Microsoft recently announced a series of enhancements to SkyDrive, their web-based cloud file storage service. This is another step in the right direction for Microsoft as they try to gain market share in the cloud-based file storage and web applications arena. Some of the recent improvements announced include:
Better sharing capabilities:
This is one area that was always a little clunky for SkyDrive. Before, you were forced to place the files you wish to share within a folder that was “shared” and open for public viewing. In addition, it was difficult for users to share files with other people who were outside of the Microsoft ecosystem.
With the new improvements, both of these issues are addressed by allowing files to be shared individually from any folder (instead of only from a “shared” folder) and with other users through several different methods (email, links, and social networks). As stated on their blog, Microsoft is hoping to create a more “app-centric” experience.
More User Friendly File Management
File management in SkyDrive has not been their strong point. In comparison to other cloud-based services like Google Docs, Box, and Zoho, the SkyDrive user interface has been underwhelming. These most recent updates hope to address some of those issues.
Some of the added file management functionality include:
- The ability to change file and folder names inline
- Move, delete and download multiple files
- Move and Copy folders and files more easily
- The addition of right-click functionality for photos and documents
- Faster creation of Office Web Apps files.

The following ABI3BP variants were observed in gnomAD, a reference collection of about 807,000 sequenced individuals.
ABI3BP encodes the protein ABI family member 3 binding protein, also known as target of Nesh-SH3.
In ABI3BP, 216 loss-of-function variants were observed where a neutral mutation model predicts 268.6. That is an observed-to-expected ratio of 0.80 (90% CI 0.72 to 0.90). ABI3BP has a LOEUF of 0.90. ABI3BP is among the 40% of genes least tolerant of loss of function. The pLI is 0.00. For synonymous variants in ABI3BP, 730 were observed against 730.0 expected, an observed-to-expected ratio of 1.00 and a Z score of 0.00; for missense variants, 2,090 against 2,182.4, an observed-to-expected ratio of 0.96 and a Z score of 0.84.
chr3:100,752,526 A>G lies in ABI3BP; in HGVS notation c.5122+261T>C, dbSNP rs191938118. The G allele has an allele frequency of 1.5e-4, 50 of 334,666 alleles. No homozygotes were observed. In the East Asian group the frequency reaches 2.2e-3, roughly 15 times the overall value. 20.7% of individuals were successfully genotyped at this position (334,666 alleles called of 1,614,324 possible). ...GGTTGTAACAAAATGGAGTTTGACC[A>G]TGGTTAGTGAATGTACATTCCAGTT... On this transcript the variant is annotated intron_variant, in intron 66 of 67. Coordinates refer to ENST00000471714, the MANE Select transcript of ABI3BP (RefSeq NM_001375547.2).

Enhanced User Experience
In addition to the improvements to sharing and file management, Microsoft also made some additional changes to increase the overall speed and user experience for SkyDrive. Some of the other improvements include:
- Better browser support for FireFox, Chrome, and Safari
- Ability to read other file types (PDF, RAW, etc.)
- Enhanced photo editing
All of these improvements I think show that Microsoft recognizes that the future is in the cloud. Even with these improvements, I still think they have a way to go to catch up with other services like Box and Google.
The good news for them is that cloud-based file storage is still in its infancy and they stand to grab a huge market share of enterprise users who currently use products like SharePoint and Office. As businesses slowly move to the cloud, Microsoft will be in a position to gather a large portion of those customers that wish to keep continuity in their products.
We’ll be watching to see where SkyDrive end up in the cloud computing race.